U.S. Rep. Roger Williams (center) recently spoke to DailyTrib.com about the issues of broadband internet access, inflation, and illegal immigration. Photo courtesy of Roger Williams' office
As the digital divide in rural Texas grows, U.S. Rep. Roger Williams (TX-25) has made closing the gap a top priority along with taking action on inflation and illegal immigration.
“In rural Texas, we don’t have high-speed, or broadband, internet,” said the Republican, whose congressional district includes Burnet County. “How many times have kids had to go to high points to get a good connection? Or, how many times have businesses had to look for better places to hold online meetings because they don’t have high-speed internet available?”
While the divide has existed for many years, it really became evident during COVID-19 shutdowns of businesses and schools, he pointed out, as people learned and worked from home.
In fact, Highland Lakes school districts had to enable buses with Wi-Fi and place them around cities so students without internet access at home could complete assignments.
As the country emerges from the pandemic, the need for broadband in underserved communities remains.
“We have to fix that,” Williams said. “That’s why I’ve introduced the Eliminate the Digital Divide Act. It creates $10 billion that can be extracted by the states to help expand broadband internet to areas that don’t yet have access to it.”
Williams emphasized that high-speed internet is a necessity, not a luxury, for schools and businesses.
“We’re in a worldwide economy now, not just a hometown economy,” he said. “So businesses need to be able to compete for customers on a wider scale, and high-speed internet is a big part of that.”
Unlike many issues in Congress, eliminating the digital divide has both Democratic and Republican support.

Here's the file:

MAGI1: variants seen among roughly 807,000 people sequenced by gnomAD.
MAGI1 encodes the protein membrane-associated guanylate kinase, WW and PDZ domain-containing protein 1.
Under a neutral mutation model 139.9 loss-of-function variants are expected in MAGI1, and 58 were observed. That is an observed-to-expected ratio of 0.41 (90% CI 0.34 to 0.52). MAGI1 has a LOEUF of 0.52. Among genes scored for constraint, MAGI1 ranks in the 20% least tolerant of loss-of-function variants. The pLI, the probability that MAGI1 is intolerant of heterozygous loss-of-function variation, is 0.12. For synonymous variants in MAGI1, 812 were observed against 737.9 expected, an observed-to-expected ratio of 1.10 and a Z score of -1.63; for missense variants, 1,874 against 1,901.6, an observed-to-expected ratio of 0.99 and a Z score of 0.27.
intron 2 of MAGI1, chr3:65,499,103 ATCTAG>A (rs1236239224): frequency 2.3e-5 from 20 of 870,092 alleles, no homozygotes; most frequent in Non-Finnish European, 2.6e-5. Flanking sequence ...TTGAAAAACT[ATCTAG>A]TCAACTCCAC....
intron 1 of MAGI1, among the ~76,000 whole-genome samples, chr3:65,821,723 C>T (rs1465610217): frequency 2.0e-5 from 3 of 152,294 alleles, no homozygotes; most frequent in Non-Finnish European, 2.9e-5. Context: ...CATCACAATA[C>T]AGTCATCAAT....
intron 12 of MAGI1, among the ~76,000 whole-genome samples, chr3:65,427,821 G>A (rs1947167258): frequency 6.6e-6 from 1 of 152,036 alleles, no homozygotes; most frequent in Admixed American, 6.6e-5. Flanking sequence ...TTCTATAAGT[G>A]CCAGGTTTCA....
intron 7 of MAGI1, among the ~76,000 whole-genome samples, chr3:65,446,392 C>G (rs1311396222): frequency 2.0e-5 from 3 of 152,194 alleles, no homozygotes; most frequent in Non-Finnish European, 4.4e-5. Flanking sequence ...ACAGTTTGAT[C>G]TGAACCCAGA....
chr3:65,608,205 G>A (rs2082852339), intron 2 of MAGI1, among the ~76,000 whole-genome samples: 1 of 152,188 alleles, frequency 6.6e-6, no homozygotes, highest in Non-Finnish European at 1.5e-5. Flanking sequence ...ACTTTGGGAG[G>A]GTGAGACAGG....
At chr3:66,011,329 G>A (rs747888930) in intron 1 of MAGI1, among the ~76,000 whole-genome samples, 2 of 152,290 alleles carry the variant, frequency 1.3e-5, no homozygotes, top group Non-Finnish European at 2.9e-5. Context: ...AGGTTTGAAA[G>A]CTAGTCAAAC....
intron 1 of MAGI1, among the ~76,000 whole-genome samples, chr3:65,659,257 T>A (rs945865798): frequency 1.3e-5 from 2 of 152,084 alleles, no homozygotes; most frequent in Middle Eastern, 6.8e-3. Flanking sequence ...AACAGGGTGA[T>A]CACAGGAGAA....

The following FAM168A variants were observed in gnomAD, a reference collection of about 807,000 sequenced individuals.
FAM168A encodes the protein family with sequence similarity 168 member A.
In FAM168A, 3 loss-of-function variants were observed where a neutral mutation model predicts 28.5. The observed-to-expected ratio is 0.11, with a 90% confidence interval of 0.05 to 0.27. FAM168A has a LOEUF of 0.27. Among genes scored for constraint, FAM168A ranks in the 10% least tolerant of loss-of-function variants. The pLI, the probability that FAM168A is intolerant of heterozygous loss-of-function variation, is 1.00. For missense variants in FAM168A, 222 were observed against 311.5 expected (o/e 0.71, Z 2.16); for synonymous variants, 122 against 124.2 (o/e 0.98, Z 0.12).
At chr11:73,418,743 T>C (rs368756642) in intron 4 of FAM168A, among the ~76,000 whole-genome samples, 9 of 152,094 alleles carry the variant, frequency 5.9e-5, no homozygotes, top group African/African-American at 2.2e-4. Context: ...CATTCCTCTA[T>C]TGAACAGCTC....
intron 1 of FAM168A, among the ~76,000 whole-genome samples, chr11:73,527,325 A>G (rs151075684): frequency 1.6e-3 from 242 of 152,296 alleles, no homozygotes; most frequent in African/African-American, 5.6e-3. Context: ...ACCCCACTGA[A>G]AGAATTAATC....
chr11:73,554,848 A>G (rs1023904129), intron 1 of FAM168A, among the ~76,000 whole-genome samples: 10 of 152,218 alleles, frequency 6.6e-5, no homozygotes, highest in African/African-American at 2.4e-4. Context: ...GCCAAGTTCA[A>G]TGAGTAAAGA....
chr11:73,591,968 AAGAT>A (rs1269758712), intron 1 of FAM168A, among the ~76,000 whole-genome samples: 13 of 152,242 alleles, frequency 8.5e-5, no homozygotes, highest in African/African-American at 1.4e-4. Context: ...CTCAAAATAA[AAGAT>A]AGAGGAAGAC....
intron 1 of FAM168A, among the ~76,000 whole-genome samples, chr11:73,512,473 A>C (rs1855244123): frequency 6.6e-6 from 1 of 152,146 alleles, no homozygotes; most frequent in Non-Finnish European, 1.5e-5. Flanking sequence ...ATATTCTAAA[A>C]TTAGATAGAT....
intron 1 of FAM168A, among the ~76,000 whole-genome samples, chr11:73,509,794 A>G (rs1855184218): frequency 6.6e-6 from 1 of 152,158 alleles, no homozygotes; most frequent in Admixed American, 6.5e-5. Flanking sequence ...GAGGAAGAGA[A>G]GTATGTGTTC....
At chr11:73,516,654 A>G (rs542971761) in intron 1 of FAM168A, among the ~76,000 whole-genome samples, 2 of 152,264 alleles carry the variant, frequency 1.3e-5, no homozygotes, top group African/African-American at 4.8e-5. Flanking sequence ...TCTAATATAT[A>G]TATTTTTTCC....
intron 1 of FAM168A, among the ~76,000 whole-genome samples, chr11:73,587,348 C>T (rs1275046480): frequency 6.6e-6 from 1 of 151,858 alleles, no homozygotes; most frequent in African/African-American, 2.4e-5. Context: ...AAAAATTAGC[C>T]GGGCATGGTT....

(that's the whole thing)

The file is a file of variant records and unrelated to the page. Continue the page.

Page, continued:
“It’s not that hard to fix. We just have to do it,” Williams said.
Williams also took issue with inflation, which hit 8.5 percent in March, the highest level since December 1981, when it was at 8.91 percent. The difference between those two marks is that it was trending downward in December 1981 from a high of 14.59 percent in April of the previous year. The current rate is part of an upward trend since November 2021.
Inflation is based on the Consumer Price Index for Urban Consumers, which measures spending on housing, food and beverages, transportation, medical care, education and communication, recreation, apparel, and more.
Williams laid the issue at the feet of President Joe Biden.
“This administration is overregulating small businesses,” the congressman said. “We need to cut the regulations. We need to let small businesses breathe. We need to let Main Street compete and let consumers decide where to do business, not Washington.”
Williams also admonished the Biden administration over taxes, which he believes need to be cut to spur business growth and consumer spending.
Another issue that splits Republicans and Democrats is how to deal with illegal immigration. Stopping it hinges on securing the borders, especially between the United States and Mexico, Williams said.